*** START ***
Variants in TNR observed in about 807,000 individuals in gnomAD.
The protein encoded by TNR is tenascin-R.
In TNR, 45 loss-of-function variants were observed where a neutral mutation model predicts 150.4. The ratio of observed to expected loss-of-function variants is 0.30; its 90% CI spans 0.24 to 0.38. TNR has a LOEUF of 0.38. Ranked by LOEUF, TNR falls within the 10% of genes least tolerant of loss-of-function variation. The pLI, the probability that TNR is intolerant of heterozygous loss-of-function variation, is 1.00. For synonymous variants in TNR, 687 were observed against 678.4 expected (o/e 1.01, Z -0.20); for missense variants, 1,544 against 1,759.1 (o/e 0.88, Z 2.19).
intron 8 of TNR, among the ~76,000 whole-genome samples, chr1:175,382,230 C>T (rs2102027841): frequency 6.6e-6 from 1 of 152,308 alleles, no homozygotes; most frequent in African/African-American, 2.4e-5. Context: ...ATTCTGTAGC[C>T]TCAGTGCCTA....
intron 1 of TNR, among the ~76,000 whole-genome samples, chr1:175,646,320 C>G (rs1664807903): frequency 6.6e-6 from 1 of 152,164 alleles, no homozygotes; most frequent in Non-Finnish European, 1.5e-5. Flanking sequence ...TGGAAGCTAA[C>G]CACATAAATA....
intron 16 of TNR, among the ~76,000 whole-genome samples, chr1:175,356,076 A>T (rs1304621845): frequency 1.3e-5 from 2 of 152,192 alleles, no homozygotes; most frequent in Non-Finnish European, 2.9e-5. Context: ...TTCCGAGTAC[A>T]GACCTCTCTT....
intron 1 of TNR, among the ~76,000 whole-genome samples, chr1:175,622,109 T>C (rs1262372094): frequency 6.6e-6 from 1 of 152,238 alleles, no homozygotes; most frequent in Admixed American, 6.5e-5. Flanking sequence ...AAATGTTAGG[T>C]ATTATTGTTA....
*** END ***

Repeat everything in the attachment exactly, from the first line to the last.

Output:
Variants in TNR observed in about 807,000 individuals in gnomAD.
The protein encoded by TNR is tenascin-R.
In TNR, 45 loss-of-function variants were observed where a neutral mutation model predicts 150.4. The ratio of observed to expected loss-of-function variants is 0.30; its 90% CI spans 0.24 to 0.38. TNR has a LOEUF of 0.38. Ranked by LOEUF, TNR falls within the 10% of genes least tolerant of loss-of-function variation. The pLI, the probability that TNR is intolerant of heterozygous loss-of-function variation, is 1.00. For synonymous variants in TNR, 687 were observed against 678.4 expected (o/e 1.01, Z -0.20); for missense variants, 1,544 against 1,759.1 (o/e 0.88, Z 2.19).
intron 8 of TNR, among the ~76,000 whole-genome samples, chr1:175,382,230 C>T (rs2102027841): frequency 6.6e-6 from 1 of 152,308 alleles, no homozygotes; most frequent in African/African-American, 2.4e-5. Context: ...ATTCTGTAGC[C>T]TCAGTGCCTA....
intron 1 of TNR, among the ~76,000 whole-genome samples, chr1:175,646,320 C>G (rs1664807903): frequency 6.6e-6 from 1 of 152,164 alleles, no homozygotes; most frequent in Non-Finnish European, 1.5e-5. Flanking sequence ...TGGAAGCTAA[C>G]CACATAAATA....
intron 16 of TNR, among the ~76,000 whole-genome samples, chr1:175,356,076 A>T (rs1304621845): frequency 1.3e-5 from 2 of 152,192 alleles, no homozygotes; most frequent in Non-Finnish European, 2.9e-5. Context: ...TTCCGAGTAC[A>T]GACCTCTCTT....
intron 1 of TNR, among the ~76,000 whole-genome samples, chr1:175,622,109 T>C (rs1262372094): frequency 6.6e-6 from 1 of 152,238 alleles, no homozygotes; most frequent in Admixed American, 6.5e-5. Flanking sequence ...AAATGTTAGG[T>C]ATTATTGTTA....